Imagine you have decided to give students the same reading assignment in your room. The learning goal states that all students will read the same article; however, you realize there is tremendous variability in your classroom. How do you plan with variability in mind?
The Universal Design for Learning (UDL) framework is a proactive framework for designing accessible and engaging lessons for all students. It is based on brain research and states that there are typically three types of barriers and ways to plan for those barriers proactively.
- How students engage in learning (Multiple Means of Engagement)
- How students access learning (Multiple Means of Representation)
- How students demonstrate their understanding (Multiple Means of Action and Expression)
Redesigning the look of a reading assignment to create access is something that is extremely easy to plan for, but is often overlooked. Here are 5 tips for using UDL to redesign the reading assignment with access in mind (aka Multiple Means of Representation).
Tip #1: Change the Background Color
Research indicates that pure white backgrounds and black text can generate difficulties reading for students with Dyslexia. To make your text more conducive for reading, try using grey fonts on white background or using and cream color backgrounds (light yellow, orange, etc.) with black text.
Tip # 2: Provide Options for Reading
Providing students with print, digital, and audio options is helpful for increasing accessibility. Digital files in PDF format can easily be manipulated, annotated, and used with screen readers.
Did you know that you can save a Google Doc in PDF format? Simply visit the File menu and choose Download as a PDF.
Tools like Adobe Reader, Speechify, and Read & Write for Google Chrome have built-in text-to-speech features to read PDF’s and Google Docs. In addition, Vocaroo makes it easy to create a voice-recorded audio version of the article.
Tip # 3: Build-In Background Knowledge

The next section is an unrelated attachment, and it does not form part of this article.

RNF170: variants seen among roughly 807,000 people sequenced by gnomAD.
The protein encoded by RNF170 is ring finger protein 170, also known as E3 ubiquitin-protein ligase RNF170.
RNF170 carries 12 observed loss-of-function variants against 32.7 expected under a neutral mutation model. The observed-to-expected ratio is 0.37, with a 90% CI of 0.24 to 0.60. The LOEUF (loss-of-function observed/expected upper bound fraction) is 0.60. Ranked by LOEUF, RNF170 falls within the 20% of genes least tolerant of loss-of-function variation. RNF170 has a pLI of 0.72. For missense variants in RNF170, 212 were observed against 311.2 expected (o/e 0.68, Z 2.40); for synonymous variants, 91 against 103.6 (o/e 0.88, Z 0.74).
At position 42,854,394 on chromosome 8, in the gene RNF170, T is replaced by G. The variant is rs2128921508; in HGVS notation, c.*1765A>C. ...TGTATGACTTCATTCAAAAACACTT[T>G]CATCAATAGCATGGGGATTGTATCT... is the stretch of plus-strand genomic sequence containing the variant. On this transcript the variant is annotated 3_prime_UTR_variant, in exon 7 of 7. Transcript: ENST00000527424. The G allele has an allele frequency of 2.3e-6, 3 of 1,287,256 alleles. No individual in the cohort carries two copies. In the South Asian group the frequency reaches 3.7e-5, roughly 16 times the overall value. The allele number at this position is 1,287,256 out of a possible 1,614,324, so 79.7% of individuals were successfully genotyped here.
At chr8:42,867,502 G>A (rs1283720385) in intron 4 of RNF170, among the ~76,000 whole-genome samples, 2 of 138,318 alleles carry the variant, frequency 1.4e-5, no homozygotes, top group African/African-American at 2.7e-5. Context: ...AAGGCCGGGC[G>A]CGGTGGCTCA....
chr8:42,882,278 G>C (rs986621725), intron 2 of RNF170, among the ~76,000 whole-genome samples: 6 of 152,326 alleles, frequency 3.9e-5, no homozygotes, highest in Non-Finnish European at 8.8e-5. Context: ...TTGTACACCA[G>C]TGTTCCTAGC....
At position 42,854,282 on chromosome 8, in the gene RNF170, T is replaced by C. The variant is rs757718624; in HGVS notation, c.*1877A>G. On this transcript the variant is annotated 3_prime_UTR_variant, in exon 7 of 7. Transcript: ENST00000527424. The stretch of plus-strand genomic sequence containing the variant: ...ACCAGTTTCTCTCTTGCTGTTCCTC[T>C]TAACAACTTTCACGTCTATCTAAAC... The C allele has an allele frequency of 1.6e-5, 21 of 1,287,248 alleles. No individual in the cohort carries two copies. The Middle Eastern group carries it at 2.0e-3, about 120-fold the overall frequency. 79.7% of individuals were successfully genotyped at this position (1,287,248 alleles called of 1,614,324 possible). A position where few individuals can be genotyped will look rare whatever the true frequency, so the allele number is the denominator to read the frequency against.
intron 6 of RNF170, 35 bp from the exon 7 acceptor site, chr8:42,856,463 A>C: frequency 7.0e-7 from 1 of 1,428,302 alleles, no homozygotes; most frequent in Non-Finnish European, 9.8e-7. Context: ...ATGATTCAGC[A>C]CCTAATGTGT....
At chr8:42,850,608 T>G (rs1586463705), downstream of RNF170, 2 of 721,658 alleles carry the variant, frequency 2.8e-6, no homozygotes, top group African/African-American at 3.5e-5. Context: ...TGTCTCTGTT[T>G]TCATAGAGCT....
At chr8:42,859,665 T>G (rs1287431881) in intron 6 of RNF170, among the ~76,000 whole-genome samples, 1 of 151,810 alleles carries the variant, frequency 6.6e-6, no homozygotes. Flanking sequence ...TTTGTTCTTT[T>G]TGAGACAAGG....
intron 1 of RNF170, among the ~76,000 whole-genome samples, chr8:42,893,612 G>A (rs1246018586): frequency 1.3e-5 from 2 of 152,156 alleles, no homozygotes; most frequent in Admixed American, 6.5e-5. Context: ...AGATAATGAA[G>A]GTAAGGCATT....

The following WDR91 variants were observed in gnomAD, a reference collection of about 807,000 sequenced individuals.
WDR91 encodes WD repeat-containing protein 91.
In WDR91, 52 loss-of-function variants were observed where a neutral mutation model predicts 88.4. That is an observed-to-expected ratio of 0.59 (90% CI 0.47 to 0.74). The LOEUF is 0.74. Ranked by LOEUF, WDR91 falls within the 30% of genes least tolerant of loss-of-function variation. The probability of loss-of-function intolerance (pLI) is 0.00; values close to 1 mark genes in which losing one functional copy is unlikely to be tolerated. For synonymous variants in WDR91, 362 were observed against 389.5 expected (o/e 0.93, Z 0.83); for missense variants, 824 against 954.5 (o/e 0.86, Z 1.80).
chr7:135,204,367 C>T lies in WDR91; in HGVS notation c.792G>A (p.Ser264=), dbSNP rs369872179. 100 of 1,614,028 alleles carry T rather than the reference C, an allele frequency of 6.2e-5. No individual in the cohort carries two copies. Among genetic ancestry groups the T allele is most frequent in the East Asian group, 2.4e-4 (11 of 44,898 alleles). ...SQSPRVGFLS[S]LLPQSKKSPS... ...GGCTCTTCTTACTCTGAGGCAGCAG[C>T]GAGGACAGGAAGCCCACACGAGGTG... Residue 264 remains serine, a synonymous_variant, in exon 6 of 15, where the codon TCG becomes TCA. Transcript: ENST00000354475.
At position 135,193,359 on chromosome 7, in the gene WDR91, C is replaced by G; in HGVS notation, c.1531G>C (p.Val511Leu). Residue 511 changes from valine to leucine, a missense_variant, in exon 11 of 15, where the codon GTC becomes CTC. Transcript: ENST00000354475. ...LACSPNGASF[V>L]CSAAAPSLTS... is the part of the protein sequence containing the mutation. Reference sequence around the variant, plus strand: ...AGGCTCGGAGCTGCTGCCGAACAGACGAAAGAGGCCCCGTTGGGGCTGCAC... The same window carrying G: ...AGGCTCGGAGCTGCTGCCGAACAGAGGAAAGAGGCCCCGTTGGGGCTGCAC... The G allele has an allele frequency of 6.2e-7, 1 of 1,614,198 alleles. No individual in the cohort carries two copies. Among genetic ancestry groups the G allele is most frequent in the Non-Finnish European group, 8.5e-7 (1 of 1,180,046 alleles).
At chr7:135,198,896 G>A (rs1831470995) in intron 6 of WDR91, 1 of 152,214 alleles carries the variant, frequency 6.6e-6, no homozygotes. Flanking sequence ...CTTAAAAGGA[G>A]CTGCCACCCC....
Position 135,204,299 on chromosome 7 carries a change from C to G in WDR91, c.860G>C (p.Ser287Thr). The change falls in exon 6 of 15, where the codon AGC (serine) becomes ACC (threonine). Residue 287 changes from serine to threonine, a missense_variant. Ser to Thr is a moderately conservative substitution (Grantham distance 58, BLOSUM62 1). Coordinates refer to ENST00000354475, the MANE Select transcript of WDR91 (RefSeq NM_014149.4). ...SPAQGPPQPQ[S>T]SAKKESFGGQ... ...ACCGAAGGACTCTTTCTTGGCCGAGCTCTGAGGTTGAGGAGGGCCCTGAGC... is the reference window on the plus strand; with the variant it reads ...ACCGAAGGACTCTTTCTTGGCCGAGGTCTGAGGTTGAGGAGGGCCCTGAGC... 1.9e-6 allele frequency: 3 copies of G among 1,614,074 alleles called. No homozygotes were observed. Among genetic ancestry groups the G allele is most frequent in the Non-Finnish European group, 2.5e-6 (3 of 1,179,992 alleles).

We cannot assume that all students have the same knowledge and background knowledge when providing reading assignments; therefore, helpful tools like videos and images are extremely helpful for building student understanding and context.
Many teachers find using YouTube 360 videos helpful for providing students with a customized video experience, where students can navigate 180 and 360-degree spherical videos.
Here is one of my favorite YouTube 360 videos!
Tip # 4: Hyperlink Important Vocabulary Terms
Do you know some of the vocabulary terms that students will have difficulty with? It may be helpful to add hyperlinks to important definitions students may need. Although there are many great online dictionaries available, you may want to consider doing a Google search for a specific definition.
For example, if you did a search for “definition of running,” Google would provide you with the definition, images, and an audio recording of how to pronounce the word running. You can then copy and paste this URL as a hyperlink in your document for students to access.
Tip #5: Embed Opportunities to Reflect
Creating chances for students to engage in reflective activities when completing reading assignments can significantly boost their comprehension and critical thinking abilities. Incorporating moments where students can pause, deliberate, and contemplate their reading material is valuable.
For example, you might contemplate the inclusion of digital text boxes at regular intervals, allowing students to record their thoughts electronically. Alternatively, you can provide physical post-it notes for students to jot down their insights or sketch their reflections within the text. These thoughtful pauses can greatly enhance the learning experience.
Bonus Tip! Buddying Up for Reading
Buddying up with another student can be a great way to enhance your reading experience. By reading a passage with a partner, students can gain fresh insights and perspectives they may have missed. Plus, it's a low-tech solution that can be easily implemented in any classroom or study group.
Embracing the UDL framework equips educators with the tools and resources needed to revamp reading assignments for accessibility and engagement. Implementing strategies like adjusting background colors, using readable fonts, offering diverse reading options, incorporating multimedia resources, and hyperlinking key vocabulary terms fosters an environment where all students can comprehensively access and engage with the material. UDL's proactive approach paves the way for a more equitable and enriching learning experience, accommodating the diverse needs and strengths of every learner.